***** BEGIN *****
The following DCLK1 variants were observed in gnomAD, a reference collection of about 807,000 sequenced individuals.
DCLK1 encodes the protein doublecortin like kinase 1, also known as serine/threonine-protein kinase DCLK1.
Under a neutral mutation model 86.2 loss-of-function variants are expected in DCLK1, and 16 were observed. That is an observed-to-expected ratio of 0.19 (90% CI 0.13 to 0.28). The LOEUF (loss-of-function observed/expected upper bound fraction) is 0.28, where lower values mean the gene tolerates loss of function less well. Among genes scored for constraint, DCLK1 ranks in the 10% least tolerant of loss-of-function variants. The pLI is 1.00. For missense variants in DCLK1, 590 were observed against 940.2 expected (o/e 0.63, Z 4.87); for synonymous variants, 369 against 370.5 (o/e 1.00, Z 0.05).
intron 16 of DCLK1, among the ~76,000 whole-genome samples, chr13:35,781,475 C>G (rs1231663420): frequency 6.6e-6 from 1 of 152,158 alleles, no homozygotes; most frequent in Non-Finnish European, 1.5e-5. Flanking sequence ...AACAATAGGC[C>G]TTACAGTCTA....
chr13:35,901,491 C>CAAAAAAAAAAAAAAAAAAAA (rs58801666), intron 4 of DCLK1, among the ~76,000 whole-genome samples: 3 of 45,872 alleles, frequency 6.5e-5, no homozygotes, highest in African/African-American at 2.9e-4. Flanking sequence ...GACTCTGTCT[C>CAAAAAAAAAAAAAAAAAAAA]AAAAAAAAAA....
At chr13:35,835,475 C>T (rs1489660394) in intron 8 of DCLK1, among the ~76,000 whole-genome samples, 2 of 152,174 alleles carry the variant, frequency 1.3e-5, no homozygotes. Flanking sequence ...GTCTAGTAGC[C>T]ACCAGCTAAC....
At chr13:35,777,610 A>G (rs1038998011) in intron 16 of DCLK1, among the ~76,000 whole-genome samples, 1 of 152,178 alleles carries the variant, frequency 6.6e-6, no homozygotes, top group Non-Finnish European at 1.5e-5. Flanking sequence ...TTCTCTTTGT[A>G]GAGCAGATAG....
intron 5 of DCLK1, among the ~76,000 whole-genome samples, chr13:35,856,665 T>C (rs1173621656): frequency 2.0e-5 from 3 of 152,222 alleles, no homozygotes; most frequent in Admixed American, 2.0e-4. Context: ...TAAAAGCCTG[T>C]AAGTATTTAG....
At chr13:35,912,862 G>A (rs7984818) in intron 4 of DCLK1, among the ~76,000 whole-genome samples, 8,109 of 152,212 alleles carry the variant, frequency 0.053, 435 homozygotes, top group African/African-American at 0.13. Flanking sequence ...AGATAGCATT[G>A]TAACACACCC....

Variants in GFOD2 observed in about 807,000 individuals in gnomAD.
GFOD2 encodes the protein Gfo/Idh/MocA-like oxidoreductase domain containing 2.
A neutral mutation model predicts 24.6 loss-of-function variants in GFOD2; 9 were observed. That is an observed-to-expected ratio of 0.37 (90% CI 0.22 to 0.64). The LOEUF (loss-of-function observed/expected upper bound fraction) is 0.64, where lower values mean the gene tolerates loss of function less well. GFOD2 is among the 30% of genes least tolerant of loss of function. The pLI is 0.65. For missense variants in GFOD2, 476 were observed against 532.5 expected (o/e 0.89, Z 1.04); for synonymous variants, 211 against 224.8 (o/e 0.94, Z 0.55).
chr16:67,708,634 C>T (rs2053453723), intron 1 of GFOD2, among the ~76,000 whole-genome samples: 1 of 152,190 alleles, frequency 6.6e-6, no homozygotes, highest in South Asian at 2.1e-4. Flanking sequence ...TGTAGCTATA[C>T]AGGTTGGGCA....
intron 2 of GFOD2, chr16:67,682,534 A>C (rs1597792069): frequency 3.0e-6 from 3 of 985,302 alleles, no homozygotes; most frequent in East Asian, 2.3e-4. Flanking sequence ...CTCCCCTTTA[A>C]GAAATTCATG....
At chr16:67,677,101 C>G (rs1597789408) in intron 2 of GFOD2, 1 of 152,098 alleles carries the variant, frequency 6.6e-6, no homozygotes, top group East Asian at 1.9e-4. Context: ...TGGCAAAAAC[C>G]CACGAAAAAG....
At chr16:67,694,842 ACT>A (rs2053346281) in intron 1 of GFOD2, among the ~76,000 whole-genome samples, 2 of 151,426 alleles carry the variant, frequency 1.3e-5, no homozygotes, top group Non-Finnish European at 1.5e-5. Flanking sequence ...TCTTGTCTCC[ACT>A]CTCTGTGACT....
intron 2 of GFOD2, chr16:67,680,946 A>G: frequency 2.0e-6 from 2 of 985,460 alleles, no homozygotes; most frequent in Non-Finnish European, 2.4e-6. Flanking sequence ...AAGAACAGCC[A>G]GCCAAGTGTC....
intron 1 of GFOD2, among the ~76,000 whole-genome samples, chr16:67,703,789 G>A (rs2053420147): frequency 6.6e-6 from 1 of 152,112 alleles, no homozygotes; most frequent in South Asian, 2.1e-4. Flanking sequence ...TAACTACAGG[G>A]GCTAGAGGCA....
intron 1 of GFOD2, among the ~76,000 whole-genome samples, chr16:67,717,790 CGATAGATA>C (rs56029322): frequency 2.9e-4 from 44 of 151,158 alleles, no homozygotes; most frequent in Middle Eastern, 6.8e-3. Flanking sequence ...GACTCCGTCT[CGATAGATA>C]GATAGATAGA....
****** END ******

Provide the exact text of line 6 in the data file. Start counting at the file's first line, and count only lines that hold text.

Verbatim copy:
At chr13:35,835,475 C>T (rs1489660394) in intron 8 of DCLK1, among the ~76,000 whole-genome samples, 2 of 152,174 alleles carry the variant, frequency 1.3e-5, no homozygotes. Flanking sequence ...GTCTAGTAGC[C>T]ACCAGCTAAC....